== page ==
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Lucky Gore: WWE Wins With A Real Punch And Accidental Blood

On last night's WWE Raw, something happened that's fairly unusual in the world of wrestling: one guy hit another guy.

After a WrestleMania date with The Rock, John Cena has been thrown into a feud with the newly signed Brock Lesnar. They opened the show last night with a staredown that quickly escalated into a fight, but this fight was not like other fights. Watch Lesnar's first punch after spearing Cena: a right hand directly in his grill. When the two were pulled apart, Cena's mouth was bloody. By all indications, this was an accident.


Wrestling punches are usually loud and theatrical, the wrestler stomping the mat to create a concussion as he curls and pulls his fist at the last millisecond before contact. But this was more of an MMA punch, which makes sense: Lesnar re-debuted in WWE just last week after a four-year career in UFC. Watching the video, Lesnar realizes he made solid contact. Successive punches are even more phony than normal. He avoids the face altogether.

Missed spots do happen—one knock on Lesnar during his first WWE go-round was that they happened a little too often. But last night's mishap put the WWE in a strange spot. In recent years, as a move away from the Attitude Era legacy and toward more family-friendly programming (Linda McMahon's Senate bid being a prime mover), blood has become a rarity. The culture of blading is cyclical: it was a crucial part of regional federations, then made a huge comeback in the late '90s as the WWE co-opted the success of ECW and Japanese wrestling. But these days, it's mostly saved for pay-per-views.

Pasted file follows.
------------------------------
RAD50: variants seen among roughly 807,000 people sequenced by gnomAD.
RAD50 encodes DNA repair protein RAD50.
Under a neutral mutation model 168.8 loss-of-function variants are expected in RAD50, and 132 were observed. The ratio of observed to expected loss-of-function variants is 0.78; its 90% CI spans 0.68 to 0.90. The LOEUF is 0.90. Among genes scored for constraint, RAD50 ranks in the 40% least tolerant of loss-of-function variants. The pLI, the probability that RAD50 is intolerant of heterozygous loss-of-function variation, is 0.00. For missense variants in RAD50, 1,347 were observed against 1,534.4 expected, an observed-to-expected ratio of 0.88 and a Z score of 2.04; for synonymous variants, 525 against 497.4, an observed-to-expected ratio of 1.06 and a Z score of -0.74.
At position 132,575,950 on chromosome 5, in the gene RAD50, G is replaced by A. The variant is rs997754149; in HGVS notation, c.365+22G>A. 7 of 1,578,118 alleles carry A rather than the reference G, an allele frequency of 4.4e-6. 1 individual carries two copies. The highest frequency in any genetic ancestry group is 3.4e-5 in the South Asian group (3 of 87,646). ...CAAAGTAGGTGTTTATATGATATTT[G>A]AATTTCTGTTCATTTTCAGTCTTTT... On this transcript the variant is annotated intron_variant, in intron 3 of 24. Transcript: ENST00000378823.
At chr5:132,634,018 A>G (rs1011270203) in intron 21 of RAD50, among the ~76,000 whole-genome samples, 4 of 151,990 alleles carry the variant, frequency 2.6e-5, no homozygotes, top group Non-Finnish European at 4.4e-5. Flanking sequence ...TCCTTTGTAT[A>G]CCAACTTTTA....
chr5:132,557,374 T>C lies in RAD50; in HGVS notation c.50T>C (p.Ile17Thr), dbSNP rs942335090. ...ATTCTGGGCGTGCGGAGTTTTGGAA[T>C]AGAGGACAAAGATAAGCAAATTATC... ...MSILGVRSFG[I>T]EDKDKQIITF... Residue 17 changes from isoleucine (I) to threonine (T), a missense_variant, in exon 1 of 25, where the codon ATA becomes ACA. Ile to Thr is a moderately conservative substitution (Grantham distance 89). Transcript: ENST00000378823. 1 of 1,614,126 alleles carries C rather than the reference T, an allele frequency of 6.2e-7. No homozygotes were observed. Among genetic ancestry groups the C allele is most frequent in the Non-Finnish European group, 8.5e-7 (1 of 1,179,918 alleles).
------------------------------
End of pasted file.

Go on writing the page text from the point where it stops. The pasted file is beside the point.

It's almost laughable, that arbitrary taboo. Show as many piledrivers powerbombs as you want, each of which would logically end in paralysis. Smash metal folding chairs across a guy's head—no problem. But a little blood, the only visible sign that these choreographed assaults are actually doing damage, and all of a sudden that TV-PG rating is in jeopardy.

So under normal circumstances, an accidental bloodletting would mean the production truck avoiding replays. But here was the WWE, their biggest star flashing a red smile, with two hours left to go in the show and countless replays to be shown. This is their biggest storyline, one that's going to last at least a month, and there was no way to avoid revisiting a backstage-clearing brawl between Cena and Lesnar. They dutifully showed replays throughout the show (noticeably clashing in tone with the preteen-appealing antics of Raw guest stars The Three Stooges), and the whole thing turned into a happy accident for the company. A real payoff for a real punch means real drama going forward, and the WWE unwittingly had a true "holy shit" moment—semi-unscripted.

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